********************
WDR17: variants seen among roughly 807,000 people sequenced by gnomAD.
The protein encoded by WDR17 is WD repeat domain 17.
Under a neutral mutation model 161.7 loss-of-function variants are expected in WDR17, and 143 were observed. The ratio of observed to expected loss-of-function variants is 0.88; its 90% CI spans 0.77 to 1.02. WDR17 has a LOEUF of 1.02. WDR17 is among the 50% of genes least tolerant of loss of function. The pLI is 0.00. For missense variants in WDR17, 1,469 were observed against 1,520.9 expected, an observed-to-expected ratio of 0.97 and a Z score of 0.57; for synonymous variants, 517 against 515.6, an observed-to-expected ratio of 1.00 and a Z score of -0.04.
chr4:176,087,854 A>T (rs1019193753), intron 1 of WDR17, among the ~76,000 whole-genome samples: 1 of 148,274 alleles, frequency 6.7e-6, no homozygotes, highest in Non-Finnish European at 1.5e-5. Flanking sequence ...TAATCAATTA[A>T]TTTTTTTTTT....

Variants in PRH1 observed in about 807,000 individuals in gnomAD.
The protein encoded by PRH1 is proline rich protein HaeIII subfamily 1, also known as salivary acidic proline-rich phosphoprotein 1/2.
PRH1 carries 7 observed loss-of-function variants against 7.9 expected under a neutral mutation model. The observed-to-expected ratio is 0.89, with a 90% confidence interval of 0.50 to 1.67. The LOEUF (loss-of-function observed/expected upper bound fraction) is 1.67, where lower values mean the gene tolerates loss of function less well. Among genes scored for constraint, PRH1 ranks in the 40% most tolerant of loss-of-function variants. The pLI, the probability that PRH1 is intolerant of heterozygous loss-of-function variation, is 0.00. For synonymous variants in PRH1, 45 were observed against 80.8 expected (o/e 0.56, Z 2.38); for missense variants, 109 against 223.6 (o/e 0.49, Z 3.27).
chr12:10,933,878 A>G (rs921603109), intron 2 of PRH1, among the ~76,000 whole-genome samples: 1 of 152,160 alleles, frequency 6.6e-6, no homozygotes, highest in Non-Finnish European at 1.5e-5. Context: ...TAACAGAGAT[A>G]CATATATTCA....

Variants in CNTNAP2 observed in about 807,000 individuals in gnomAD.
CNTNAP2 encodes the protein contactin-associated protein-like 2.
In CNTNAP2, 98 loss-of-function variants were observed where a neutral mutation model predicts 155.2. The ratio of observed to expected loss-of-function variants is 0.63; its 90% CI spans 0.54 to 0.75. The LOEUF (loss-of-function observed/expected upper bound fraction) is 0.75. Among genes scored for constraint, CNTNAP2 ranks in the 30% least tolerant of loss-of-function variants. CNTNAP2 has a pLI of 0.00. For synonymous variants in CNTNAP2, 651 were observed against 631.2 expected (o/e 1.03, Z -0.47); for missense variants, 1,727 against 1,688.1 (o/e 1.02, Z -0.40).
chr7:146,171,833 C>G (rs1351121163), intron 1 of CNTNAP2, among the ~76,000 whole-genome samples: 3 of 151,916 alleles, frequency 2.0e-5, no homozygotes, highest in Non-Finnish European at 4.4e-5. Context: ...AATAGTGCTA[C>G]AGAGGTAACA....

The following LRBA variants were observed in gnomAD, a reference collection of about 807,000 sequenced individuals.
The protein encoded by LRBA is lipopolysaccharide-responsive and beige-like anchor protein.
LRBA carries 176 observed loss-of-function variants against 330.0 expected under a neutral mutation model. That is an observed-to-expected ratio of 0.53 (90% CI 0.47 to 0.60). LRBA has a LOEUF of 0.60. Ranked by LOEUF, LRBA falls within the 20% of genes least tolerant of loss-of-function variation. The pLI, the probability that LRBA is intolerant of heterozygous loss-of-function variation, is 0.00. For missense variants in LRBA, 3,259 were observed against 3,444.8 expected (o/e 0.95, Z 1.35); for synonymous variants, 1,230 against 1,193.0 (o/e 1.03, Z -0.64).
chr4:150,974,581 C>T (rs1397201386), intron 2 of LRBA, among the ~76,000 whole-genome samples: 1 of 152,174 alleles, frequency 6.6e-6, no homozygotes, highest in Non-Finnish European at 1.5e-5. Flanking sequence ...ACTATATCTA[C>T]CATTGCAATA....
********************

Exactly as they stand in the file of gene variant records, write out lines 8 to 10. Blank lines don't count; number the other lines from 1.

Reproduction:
chr12:10,933,878 A>G (rs921603109), intron 2 of PRH1, among the ~76,000 whole-genome samples: 1 of 152,160 alleles, frequency 6.6e-6, no homozygotes, highest in Non-Finnish European at 1.5e-5. Context: ...TAACAGAGAT[A>G]CATATATTCA....

Variants in CNTNAP2 observed in about 807,000 individuals in gnomAD.
CNTNAP2 encodes the protein contactin-associated protein-like 2.